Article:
U.S. Sen. Deb Fischer (R-Neb.) will convene the Subcommittee on Surface Transportation and Merchant Marine Infrastructure, Safety and Security on Tuesday, February 10, 2015, at 10:00 a.m. for a hearing entitled, “Keeping Goods Moving.” The hearing will focus on the U.S. supply chain, particularly the importance of efficiently functioning U.S. ports. The panel will take expert testimony from witnesses on what it takes to maintain an efficient and reliable U.S. port, as well as the economic and logistical impact of port delays, congestion, and inadequate or outdated infrastructure on our nation’s intermodal transportation network.
Capacity challenges, and the changing dynamics of international shipping highlight the importance of functioning port infrastructure. Delays underscore how port disruptions can cause manufacturers across the country to cancel orders and lose business, ultimately impacting consumers and the broader economy. Equipment shortages, labor strife, worldwide moves toward larger vessels, and security challenges all have potential to create new shipping disruptions if not properly addressed.
Tuesday, February 10, 2015
Subcommittee on Surface Transportation and Merchant Marine Infrastructure, Safety, and Security hearing entitled: “Keeping Goods Moving”
10:00 a.m. in room SR-253
For reporters interested in reserving a seat, please contact the press gallery:
• Periodical Press Gallery – 202-224-0265
• Radio/Television Gallery – 202-224-6421
• Press Photographers Gallery – 202-224-6548
• Daily Press Gallery – 202-224-0241
Please note the hearing will be webcast live via the Senate Commerce Committee website. Refresh the Commerce Committee homepage 10 minutes prior to the scheduled start time to automatically begin streaming the webcast.
Individuals with disabilities who require an auxiliary aid or service, including closed captioning service for the webcast hearing, should contact Stephanie Gamache at 202-224-5511 at least three business days in advance of the hearing date.
Dr. Walter KemmsiesChief EconomistMiffatt & Nichol
Chairman Deb Fischer
"Good Morning. I am pleased to convene the Senate Subcommittee on Surface Transportation & Merchant Marine Infrastructure, Safety, and Security for our second hearing, which is entitled “Keeping Goods Moving.”
"To grow the economy and create new jobs, we need an efficient and reliable intermodal transportation network. Today’s hearing allows us to explore this issue with a particular focus on infrastructure and maintaining operations at our nation’s ports. America’s intermodal transportation network is the foundation upon which U.S. businesses, along all segments of the supply chain, produce goods and get them to market.
"At our last hearing, Cabela’s outlined how disruptions or inefficiencies along our nation’s just-in-time shipping network cost companies through “lost sales, increased costs, and poor customer service.”
"Deepwater ports represent a key element of the U.S. transportation network and are vital to our economic growth. In fact, America’s seaports often serve as the key connection point for all modes of transportation. Our West Coast ports alone move 12.5 percent of U.S. GDP per year.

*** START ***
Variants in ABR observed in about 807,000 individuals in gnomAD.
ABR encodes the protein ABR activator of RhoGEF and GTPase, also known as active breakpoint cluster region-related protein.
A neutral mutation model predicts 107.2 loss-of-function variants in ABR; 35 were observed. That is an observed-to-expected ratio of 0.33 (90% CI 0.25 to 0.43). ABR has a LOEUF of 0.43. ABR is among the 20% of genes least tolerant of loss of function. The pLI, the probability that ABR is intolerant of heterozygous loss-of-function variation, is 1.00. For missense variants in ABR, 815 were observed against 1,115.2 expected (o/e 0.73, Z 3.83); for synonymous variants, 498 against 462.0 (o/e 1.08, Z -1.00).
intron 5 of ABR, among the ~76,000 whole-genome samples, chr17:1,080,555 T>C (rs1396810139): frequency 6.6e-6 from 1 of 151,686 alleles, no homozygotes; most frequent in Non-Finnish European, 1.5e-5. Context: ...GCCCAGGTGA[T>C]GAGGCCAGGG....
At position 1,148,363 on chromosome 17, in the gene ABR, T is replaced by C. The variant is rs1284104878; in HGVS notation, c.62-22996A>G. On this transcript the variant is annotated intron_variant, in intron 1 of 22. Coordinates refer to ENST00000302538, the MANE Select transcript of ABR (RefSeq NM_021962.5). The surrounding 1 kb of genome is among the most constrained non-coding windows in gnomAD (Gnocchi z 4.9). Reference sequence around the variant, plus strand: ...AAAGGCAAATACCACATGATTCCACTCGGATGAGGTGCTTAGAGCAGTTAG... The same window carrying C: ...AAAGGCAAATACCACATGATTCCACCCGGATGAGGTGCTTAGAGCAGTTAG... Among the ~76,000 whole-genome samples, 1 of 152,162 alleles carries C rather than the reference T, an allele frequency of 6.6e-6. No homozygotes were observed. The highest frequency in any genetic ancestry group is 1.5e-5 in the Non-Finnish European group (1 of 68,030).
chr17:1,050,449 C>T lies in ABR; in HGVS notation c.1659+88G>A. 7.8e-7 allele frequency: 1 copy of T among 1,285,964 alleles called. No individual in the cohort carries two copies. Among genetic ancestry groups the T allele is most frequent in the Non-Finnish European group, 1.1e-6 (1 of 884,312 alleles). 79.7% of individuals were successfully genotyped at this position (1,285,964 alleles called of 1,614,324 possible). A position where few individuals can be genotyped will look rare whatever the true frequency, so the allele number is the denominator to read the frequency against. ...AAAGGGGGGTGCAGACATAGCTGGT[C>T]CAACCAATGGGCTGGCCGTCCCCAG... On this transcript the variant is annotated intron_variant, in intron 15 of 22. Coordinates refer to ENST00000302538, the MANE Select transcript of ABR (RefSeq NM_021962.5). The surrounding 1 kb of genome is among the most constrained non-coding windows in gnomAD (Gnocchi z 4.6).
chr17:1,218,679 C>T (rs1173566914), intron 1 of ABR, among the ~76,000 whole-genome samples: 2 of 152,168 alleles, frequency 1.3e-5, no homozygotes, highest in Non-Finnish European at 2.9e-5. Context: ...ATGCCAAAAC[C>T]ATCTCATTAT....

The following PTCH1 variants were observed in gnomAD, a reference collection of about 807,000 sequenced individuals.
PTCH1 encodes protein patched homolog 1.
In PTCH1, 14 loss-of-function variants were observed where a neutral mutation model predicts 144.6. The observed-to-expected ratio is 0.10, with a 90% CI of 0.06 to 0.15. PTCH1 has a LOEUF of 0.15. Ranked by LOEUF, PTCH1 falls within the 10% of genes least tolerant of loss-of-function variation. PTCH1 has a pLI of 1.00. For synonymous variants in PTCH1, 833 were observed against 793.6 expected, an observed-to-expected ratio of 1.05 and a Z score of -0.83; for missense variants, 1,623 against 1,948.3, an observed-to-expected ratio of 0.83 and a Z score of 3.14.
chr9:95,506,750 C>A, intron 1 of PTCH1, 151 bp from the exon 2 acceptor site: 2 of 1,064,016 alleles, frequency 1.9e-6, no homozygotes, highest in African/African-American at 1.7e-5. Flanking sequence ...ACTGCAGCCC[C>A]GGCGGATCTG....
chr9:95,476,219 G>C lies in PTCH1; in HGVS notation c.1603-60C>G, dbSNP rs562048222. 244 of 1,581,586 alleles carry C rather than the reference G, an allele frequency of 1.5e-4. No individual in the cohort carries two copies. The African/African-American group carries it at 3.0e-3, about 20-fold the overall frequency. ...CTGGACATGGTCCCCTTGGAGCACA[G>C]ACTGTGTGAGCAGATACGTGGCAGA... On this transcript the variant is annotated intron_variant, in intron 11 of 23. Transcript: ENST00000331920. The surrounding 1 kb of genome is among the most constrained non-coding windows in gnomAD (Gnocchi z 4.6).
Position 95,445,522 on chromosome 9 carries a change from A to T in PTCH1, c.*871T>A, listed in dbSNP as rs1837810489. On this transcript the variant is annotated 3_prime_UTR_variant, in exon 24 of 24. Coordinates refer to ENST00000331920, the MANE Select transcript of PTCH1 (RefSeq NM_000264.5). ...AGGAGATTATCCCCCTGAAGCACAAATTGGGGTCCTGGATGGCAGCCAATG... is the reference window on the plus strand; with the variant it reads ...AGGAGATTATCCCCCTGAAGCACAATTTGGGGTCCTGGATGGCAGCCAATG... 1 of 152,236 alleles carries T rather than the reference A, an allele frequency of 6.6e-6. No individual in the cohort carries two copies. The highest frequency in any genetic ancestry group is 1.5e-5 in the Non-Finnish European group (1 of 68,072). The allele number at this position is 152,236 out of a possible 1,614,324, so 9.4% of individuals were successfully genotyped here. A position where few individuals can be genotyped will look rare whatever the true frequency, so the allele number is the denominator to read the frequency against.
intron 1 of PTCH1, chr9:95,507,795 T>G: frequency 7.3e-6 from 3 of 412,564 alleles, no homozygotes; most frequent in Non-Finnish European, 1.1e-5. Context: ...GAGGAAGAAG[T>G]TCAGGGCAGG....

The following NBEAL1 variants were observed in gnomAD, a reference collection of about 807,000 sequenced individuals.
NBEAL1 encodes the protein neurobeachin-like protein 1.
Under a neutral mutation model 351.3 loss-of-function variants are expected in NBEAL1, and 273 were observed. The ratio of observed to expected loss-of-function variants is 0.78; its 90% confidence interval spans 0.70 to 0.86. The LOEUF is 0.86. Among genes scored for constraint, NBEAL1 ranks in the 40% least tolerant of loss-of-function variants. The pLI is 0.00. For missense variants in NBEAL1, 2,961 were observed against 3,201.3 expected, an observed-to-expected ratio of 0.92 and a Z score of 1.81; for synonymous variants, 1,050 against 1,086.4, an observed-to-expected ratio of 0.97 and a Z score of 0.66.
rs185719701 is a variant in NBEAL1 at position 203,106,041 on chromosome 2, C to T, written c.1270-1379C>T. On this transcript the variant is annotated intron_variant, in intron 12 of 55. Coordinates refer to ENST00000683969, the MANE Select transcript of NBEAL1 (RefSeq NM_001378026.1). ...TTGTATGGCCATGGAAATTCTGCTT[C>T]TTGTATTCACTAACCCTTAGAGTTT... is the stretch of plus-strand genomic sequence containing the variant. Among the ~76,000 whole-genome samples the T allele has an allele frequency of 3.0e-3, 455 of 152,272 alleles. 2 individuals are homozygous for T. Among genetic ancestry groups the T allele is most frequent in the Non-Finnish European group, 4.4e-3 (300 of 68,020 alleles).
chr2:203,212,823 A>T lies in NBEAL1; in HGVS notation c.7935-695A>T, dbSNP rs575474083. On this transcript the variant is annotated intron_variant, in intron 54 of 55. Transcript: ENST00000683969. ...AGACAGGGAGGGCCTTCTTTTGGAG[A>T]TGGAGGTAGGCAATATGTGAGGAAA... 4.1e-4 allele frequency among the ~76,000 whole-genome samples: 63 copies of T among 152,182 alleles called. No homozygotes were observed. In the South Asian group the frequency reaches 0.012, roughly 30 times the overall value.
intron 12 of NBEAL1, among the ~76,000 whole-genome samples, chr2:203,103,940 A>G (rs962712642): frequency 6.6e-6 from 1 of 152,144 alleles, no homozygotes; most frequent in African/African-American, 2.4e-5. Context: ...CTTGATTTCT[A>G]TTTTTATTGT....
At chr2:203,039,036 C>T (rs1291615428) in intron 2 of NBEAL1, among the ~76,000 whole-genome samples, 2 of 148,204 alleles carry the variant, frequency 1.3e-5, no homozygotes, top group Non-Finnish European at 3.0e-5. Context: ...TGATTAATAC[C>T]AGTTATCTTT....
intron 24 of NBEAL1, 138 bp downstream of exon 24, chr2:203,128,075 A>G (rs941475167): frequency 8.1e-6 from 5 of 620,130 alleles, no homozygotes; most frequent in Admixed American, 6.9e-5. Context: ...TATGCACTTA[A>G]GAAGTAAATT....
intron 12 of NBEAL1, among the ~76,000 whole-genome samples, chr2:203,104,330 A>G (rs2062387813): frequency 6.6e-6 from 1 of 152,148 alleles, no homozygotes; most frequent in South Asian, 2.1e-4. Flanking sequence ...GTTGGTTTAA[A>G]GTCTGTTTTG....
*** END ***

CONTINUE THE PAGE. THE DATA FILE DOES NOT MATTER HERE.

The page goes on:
"A shutdown of America’s West Coast ports, even for a short period of time, would have devastating economic consequences. According to a recent report by the National Retail Federation and the National Association of Manufacturers, in the most severe case, a 20-day West Coast ports closure would disrupt 405,000 jobs, reduce U.S. GDP by almost $50 billion, and cost the U.S. economy $2.5 billion per day.
"I’ve heard from businesses and consumers in my state expressing grave concerns about service disruptions at West Coast ports. Just last week, my office heard from an Omaha-based company that manufactures electric conductors with inputs from Asia. This company is seeing its import timeframe double and costs triple because of current slowdowns.
"For many businesses, changing shipping routes or modes is cost prohibitive. Unfortunately, whether they export agricultural goods or import retail, businesses are being forced to opt for air fright or are re-routing products to avoid losing market share due to missed shipments. Port congestion also impacts truckers and freight rail, as well as the competitiveness of the ports themselves. Everyone has a stake in seeing the ongoing negotiations between PMA and ILWU resolved quickly.
"Members of Congress and the administration must pay close attention to these ongoing negotiations and the economic impact of service disruptions at our ports. This is particularly important as we face the potential for ports on both coasts to be negotiating simultaneously in 2018, which is when the current East Coast labor contract expires.
"I am pleased that today’s panel will represent a wide array of perspectives on the effect of recent disruptions in our nation’s supply chain. I’m eager to hear further details from our panelists on the challenges that slowdowns at our nation’s West Coast ports have posed to their industries and customers.
"I am also looking forward to hearing about opportunities for Congress, state and local governments, and the private sector to work toward modernizing and enhancing our nation’s ports infrastructure for businesses, workers, and consumers.
"We need to explore the policy options to support port growth and future volumes of freight to keep goods moving.
"I would now like to invite my colleague from the other side of the aisle to offer opening remarks."
Witness Panel 1
Mr. Norman BessacVice-President, International SalesCargill
Ms. Katie FarmerVice President, Consumer ProductsBNSF
Dr. Walter KemmsiesCheif EconomistMoffatt & Nichol
Mr. John E. GreulingBoard MemberCoalition for America's Gateways and Trade Corridors